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Korean Journal of Anesthesiology 2005;49(6):897-900.
DOI: https://doi.org/10.4097/kjae.2005.49.6.897   
Epidural Blood Patch in Patient with Spontaneous Intracranial Hypotension: A case report.
Bong Chan Jung, Sang Il Park, Young Goun Go, Yong Soub Shin, Won Hyoung Lee
Department of Anesthesiology and Pain Medicine, College of Medicine, Chungnam University, Daejeon, Korea. ane84@cnuh.co.kr
Spontaneous intracranial hypotension is a syndrome characterized by postural headache without trauma, spinal anesthesia or other medical history. The headache is usually resolved in a few days or weeks if the patient remains in bed with good hydration. Relief can usually be obtained by the application of a blood patch, by injecting 10-20 ml of the patient's own blood into the epidural space close to the leakage site. In the overwhelming majority of patients, the leak is at the level of the spine, particularly the thoracic spine and cervicothoracic junction. Spontaneous intracranial hypotension presenting with mental change has rarely been reported. We report a 39 years old male patient who was diagnosed with spontaneous intracranial hypotension. The patient experienced continuous headache followed by slight mental change. The patient was successfully managed by 3 episodes of epidural blood patch.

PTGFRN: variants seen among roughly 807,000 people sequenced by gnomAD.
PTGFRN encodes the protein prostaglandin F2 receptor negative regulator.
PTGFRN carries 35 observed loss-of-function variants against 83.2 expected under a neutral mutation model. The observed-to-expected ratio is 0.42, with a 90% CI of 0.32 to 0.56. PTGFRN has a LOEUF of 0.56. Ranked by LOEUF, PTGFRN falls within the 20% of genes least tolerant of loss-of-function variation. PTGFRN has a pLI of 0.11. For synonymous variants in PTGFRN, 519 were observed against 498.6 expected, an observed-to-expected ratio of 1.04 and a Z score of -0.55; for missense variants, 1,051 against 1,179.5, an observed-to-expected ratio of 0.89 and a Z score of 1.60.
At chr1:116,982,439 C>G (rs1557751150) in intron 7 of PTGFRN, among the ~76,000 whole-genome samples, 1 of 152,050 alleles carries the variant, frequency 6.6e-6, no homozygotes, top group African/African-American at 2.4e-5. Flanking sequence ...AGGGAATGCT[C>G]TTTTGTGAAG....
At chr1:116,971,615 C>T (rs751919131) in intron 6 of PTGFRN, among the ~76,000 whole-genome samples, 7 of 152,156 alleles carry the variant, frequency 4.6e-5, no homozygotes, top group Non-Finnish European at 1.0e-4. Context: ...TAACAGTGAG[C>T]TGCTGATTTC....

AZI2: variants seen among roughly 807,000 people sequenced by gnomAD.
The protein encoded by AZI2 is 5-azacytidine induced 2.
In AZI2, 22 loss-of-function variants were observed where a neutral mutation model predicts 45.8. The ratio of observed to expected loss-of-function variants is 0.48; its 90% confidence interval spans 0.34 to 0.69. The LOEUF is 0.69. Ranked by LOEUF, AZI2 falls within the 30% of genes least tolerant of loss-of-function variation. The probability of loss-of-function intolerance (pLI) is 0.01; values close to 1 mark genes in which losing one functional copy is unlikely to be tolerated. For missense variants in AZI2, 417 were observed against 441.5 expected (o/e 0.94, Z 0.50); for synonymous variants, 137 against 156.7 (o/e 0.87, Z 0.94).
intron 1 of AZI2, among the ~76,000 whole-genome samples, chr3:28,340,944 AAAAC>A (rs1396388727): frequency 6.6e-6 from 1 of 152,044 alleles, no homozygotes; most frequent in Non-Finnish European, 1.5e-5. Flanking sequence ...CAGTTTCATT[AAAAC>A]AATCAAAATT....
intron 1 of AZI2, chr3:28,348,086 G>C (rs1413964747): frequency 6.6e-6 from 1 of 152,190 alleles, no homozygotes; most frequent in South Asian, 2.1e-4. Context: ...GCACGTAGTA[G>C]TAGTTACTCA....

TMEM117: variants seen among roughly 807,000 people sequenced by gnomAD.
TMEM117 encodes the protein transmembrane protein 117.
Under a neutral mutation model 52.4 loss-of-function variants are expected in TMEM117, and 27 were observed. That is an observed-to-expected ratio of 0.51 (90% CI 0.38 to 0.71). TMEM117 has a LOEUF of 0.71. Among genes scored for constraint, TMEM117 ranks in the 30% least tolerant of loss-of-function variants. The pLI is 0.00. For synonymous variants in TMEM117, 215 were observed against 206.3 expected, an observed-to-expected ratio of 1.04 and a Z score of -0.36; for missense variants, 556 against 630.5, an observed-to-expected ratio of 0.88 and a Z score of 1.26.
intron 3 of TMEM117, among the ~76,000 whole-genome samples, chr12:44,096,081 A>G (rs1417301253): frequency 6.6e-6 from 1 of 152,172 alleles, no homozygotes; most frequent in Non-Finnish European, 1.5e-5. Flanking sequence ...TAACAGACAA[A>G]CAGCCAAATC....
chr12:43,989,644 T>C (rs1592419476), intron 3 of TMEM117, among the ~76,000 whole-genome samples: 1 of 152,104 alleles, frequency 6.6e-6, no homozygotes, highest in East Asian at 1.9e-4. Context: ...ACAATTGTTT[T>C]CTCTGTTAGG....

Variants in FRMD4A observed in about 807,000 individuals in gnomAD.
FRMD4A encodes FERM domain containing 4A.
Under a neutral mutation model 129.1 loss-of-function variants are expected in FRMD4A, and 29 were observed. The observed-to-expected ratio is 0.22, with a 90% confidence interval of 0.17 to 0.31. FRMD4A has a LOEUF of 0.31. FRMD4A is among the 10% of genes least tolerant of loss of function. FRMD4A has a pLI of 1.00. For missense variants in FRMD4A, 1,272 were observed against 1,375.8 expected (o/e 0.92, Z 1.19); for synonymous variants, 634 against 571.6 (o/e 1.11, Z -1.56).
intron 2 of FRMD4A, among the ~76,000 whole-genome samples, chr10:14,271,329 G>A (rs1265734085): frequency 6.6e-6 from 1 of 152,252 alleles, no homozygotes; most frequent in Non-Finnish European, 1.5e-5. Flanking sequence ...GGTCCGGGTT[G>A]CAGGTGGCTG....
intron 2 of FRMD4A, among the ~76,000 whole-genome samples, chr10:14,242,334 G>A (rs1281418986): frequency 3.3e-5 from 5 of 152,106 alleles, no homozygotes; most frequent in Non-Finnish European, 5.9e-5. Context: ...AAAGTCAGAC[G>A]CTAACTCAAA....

Key Words: epidural blood patch; spontaneous intracranial hypotension; subdural hematoma


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